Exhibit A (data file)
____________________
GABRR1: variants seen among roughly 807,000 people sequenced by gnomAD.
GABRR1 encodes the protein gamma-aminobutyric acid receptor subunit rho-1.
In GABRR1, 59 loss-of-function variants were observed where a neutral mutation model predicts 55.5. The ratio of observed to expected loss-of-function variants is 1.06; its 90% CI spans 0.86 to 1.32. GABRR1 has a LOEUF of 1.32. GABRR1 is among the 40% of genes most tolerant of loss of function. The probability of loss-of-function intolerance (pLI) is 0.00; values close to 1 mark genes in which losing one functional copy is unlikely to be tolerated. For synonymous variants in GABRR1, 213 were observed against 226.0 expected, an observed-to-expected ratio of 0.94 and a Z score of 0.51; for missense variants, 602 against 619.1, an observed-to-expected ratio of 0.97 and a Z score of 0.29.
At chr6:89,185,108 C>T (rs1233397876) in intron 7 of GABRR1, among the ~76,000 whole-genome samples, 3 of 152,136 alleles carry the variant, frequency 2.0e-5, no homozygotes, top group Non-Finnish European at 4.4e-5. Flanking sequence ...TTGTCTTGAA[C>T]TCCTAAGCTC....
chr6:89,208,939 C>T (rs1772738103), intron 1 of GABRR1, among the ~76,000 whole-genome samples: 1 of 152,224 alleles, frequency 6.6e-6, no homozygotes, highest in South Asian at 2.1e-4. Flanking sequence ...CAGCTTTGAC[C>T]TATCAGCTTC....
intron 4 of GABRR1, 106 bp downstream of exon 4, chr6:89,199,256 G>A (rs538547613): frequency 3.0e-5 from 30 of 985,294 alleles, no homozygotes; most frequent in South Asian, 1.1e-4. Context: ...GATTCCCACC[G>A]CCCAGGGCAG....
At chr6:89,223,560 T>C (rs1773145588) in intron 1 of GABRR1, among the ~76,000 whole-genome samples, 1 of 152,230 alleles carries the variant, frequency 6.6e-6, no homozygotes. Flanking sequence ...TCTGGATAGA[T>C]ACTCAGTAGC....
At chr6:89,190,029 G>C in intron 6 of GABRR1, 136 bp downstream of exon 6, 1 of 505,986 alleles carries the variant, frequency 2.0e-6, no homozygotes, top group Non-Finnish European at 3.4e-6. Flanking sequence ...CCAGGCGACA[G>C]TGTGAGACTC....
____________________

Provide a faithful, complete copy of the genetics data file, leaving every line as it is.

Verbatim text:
GABRR1: variants seen among roughly 807,000 people sequenced by gnomAD.
GABRR1 encodes the protein gamma-aminobutyric acid receptor subunit rho-1.
In GABRR1, 59 loss-of-function variants were observed where a neutral mutation model predicts 55.5. The ratio of observed to expected loss-of-function variants is 1.06; its 90% CI spans 0.86 to 1.32. GABRR1 has a LOEUF of 1.32. GABRR1 is among the 40% of genes most tolerant of loss of function. The probability of loss-of-function intolerance (pLI) is 0.00; values close to 1 mark genes in which losing one functional copy is unlikely to be tolerated. For synonymous variants in GABRR1, 213 were observed against 226.0 expected, an observed-to-expected ratio of 0.94 and a Z score of 0.51; for missense variants, 602 against 619.1, an observed-to-expected ratio of 0.97 and a Z score of 0.29.
At chr6:89,185,108 C>T (rs1233397876) in intron 7 of GABRR1, among the ~76,000 whole-genome samples, 3 of 152,136 alleles carry the variant, frequency 2.0e-5, no homozygotes, top group Non-Finnish European at 4.4e-5. Flanking sequence ...TTGTCTTGAA[C>T]TCCTAAGCTC....
chr6:89,208,939 C>T (rs1772738103), intron 1 of GABRR1, among the ~76,000 whole-genome samples: 1 of 152,224 alleles, frequency 6.6e-6, no homozygotes, highest in South Asian at 2.1e-4. Flanking sequence ...CAGCTTTGAC[C>T]TATCAGCTTC....
intron 4 of GABRR1, 106 bp downstream of exon 4, chr6:89,199,256 G>A (rs538547613): frequency 3.0e-5 from 30 of 985,294 alleles, no homozygotes; most frequent in South Asian, 1.1e-4. Context: ...GATTCCCACC[G>A]CCCAGGGCAG....
At chr6:89,223,560 T>C (rs1773145588) in intron 1 of GABRR1, among the ~76,000 whole-genome samples, 1 of 152,230 alleles carries the variant, frequency 6.6e-6, no homozygotes. Flanking sequence ...TCTGGATAGA[T>C]ACTCAGTAGC....
At chr6:89,190,029 G>C in intron 6 of GABRR1, 136 bp downstream of exon 6, 1 of 505,986 alleles carries the variant, frequency 2.0e-6, no homozygotes, top group Non-Finnish European at 3.4e-6. Flanking sequence ...CCAGGCGACA[G>C]TGTGAGACTC....